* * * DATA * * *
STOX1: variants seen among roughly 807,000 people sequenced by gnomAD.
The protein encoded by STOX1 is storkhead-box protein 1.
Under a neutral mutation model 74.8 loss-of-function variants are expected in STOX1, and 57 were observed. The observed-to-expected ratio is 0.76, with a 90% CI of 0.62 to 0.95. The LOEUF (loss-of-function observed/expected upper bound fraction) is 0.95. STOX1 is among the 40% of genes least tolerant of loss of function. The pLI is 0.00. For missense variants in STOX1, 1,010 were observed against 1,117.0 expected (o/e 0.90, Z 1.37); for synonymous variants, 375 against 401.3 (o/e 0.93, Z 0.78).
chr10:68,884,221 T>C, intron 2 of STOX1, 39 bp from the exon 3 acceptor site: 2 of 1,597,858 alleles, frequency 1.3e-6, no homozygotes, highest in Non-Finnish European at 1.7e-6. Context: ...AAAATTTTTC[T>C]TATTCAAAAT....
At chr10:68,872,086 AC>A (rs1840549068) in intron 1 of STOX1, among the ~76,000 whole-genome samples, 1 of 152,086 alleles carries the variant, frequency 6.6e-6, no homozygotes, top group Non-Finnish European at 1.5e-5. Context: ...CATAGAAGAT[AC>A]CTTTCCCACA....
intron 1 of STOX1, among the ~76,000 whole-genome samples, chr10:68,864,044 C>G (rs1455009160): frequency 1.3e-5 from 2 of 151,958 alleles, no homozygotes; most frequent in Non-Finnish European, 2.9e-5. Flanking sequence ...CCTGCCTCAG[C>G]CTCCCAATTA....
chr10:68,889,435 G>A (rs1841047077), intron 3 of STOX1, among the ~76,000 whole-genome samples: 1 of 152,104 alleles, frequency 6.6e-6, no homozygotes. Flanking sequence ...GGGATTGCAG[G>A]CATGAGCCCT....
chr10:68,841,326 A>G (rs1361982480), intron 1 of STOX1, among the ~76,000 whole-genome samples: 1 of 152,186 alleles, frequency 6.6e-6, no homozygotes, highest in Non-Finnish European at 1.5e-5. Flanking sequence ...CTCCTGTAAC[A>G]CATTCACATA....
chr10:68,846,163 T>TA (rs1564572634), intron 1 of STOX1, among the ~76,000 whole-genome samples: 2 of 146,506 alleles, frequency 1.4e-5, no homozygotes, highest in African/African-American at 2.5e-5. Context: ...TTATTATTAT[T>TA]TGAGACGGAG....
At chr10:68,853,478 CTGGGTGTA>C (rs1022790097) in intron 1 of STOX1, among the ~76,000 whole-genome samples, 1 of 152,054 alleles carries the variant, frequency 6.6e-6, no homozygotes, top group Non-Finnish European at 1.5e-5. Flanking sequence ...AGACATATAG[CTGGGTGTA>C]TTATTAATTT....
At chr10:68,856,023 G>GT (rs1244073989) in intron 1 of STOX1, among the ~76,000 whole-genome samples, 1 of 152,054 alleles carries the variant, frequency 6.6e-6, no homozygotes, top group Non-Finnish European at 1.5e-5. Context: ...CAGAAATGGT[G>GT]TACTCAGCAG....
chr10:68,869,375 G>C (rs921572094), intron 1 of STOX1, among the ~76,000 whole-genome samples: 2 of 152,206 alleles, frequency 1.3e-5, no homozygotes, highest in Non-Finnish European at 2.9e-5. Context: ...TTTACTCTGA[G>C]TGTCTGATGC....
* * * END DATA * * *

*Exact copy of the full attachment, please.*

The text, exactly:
STOX1: variants seen among roughly 807,000 people sequenced by gnomAD.
The protein encoded by STOX1 is storkhead-box protein 1.
Under a neutral mutation model 74.8 loss-of-function variants are expected in STOX1, and 57 were observed. The observed-to-expected ratio is 0.76, with a 90% CI of 0.62 to 0.95. The LOEUF (loss-of-function observed/expected upper bound fraction) is 0.95. STOX1 is among the 40% of genes least tolerant of loss of function. The pLI is 0.00. For missense variants in STOX1, 1,010 were observed against 1,117.0 expected (o/e 0.90, Z 1.37); for synonymous variants, 375 against 401.3 (o/e 0.93, Z 0.78).
chr10:68,884,221 T>C, intron 2 of STOX1, 39 bp from the exon 3 acceptor site: 2 of 1,597,858 alleles, frequency 1.3e-6, no homozygotes, highest in Non-Finnish European at 1.7e-6. Context: ...AAAATTTTTC[T>C]TATTCAAAAT....
At chr10:68,872,086 AC>A (rs1840549068) in intron 1 of STOX1, among the ~76,000 whole-genome samples, 1 of 152,086 alleles carries the variant, frequency 6.6e-6, no homozygotes, top group Non-Finnish European at 1.5e-5. Context: ...CATAGAAGAT[AC>A]CTTTCCCACA....
intron 1 of STOX1, among the ~76,000 whole-genome samples, chr10:68,864,044 C>G (rs1455009160): frequency 1.3e-5 from 2 of 151,958 alleles, no homozygotes; most frequent in Non-Finnish European, 2.9e-5. Flanking sequence ...CCTGCCTCAG[C>G]CTCCCAATTA....
chr10:68,889,435 G>A (rs1841047077), intron 3 of STOX1, among the ~76,000 whole-genome samples: 1 of 152,104 alleles, frequency 6.6e-6, no homozygotes. Flanking sequence ...GGGATTGCAG[G>A]CATGAGCCCT....
chr10:68,841,326 A>G (rs1361982480), intron 1 of STOX1, among the ~76,000 whole-genome samples: 1 of 152,186 alleles, frequency 6.6e-6, no homozygotes, highest in Non-Finnish European at 1.5e-5. Flanking sequence ...CTCCTGTAAC[A>G]CATTCACATA....
chr10:68,846,163 T>TA (rs1564572634), intron 1 of STOX1, among the ~76,000 whole-genome samples: 2 of 146,506 alleles, frequency 1.4e-5, no homozygotes, highest in African/African-American at 2.5e-5. Context: ...TTATTATTAT[T>TA]TGAGACGGAG....
At chr10:68,853,478 CTGGGTGTA>C (rs1022790097) in intron 1 of STOX1, among the ~76,000 whole-genome samples, 1 of 152,054 alleles carries the variant, frequency 6.6e-6, no homozygotes, top group Non-Finnish European at 1.5e-5. Flanking sequence ...AGACATATAG[CTGGGTGTA>C]TTATTAATTT....
At chr10:68,856,023 G>GT (rs1244073989) in intron 1 of STOX1, among the ~76,000 whole-genome samples, 1 of 152,054 alleles carries the variant, frequency 6.6e-6, no homozygotes, top group Non-Finnish European at 1.5e-5. Context: ...CAGAAATGGT[G>GT]TACTCAGCAG....
chr10:68,869,375 G>C (rs921572094), intron 1 of STOX1, among the ~76,000 whole-genome samples: 2 of 152,206 alleles, frequency 1.3e-5, no homozygotes, highest in Non-Finnish European at 2.9e-5. Context: ...TTTACTCTGA[G>C]TGTCTGATGC....